Starring Chris Evans and Robert Downey Jr. Rated PG. Now playing.
It is a tradition in comic books for heroes to fight each other, often during first meetings when good/evil orientations are not clear, or under the influence of some mind-boggling spell or brain serum. It makes sense to do this once in a while, to show the comparative power levels to fans, and give the writers a break from having to come up with new villain fodder.
In this, the 13th episode in a pulp serial of Marvel movies launched by 2008’s Iron Man, the needling tension between alpha heroes Captain America and Iron Man becomes overt.
They have to pull their punches, because they are good guys, so the cost of their battle is really counted in broken alliances and hurt feelings. It’s a credit to the creators and performers assembled by Marvel that a crisis between adventurers in colourful spandex and plastic feels earned, authentic, and gripping.
The plot is serviceable. If 2011's The First Avenger was a tribute to World War Two movies, and The Winter Soldier (2014) was a conspiracy thriller, Civil War is a murder mystery. A bombing shocks the world, and all signs point to Captain America’s friend Bucky (Sebastian Stan), now a brainwashed assassin trying to break his conditioning. Bucky has done even worse crimes, but this time he’s innocent. So who did it? And why?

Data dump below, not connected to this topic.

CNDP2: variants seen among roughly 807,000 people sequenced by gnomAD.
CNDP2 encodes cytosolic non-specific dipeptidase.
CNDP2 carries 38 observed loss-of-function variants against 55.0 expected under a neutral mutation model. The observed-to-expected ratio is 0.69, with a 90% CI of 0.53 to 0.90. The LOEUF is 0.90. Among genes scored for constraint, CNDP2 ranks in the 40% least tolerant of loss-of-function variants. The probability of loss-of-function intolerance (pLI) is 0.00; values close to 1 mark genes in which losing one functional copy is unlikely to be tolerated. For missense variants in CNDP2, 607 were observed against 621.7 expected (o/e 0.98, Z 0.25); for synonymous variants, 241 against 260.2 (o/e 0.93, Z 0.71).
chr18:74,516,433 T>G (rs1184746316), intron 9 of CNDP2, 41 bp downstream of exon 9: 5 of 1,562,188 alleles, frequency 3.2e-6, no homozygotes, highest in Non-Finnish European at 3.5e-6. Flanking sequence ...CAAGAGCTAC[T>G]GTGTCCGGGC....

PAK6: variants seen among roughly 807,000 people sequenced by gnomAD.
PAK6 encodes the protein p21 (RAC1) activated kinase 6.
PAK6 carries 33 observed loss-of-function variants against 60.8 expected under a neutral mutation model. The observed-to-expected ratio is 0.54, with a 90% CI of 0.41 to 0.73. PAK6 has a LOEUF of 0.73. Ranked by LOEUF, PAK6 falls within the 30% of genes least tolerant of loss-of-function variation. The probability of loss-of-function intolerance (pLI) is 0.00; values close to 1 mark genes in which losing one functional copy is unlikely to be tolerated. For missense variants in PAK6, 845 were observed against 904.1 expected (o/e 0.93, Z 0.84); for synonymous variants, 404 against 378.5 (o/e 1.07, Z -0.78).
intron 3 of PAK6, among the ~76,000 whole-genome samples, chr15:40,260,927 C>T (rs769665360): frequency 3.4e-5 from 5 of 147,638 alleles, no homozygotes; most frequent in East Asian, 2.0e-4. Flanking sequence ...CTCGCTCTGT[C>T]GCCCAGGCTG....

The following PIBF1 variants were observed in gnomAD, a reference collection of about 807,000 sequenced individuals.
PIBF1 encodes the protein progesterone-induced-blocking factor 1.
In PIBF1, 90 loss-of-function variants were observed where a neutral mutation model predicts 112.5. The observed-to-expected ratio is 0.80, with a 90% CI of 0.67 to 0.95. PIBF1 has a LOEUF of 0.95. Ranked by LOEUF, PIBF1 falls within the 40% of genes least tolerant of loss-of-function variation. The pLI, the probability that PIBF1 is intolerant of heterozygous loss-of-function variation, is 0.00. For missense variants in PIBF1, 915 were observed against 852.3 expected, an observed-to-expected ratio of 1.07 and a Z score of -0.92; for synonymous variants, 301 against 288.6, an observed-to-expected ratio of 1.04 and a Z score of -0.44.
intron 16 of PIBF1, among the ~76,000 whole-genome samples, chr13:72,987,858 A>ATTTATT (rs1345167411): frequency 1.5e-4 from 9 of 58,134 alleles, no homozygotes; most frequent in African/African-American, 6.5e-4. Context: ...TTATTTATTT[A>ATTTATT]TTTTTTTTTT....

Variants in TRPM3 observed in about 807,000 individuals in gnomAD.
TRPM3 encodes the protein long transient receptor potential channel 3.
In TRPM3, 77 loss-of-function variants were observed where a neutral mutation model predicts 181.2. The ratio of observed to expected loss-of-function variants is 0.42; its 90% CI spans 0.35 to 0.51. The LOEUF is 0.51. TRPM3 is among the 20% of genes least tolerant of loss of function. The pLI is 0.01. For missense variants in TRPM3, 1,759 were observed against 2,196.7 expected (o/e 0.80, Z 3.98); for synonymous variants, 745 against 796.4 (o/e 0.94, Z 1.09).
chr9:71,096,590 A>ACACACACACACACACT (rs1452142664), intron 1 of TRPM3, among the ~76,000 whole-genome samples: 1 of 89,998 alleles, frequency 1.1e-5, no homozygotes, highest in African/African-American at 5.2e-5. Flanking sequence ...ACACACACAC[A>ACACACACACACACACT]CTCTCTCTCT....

It’s also a political film, for a comic-book movie. It’s about accountability, responsibility, and unintended blowback of well-intended interventions. These were the same points that Batman v Superman tried to make before it flew up its own behind with bad dialogue and grimdark portentousness. The Marvel version offers better stunts, fight choreography, character surprises, and even a touch of humour, but it is treading some of the same narrative ground.
What might really have separated it would be a full war, where the fighters did not pull their punches. But then, they would not be good guys in a movie suitable for kids. That would be real life, which is suitable for so few.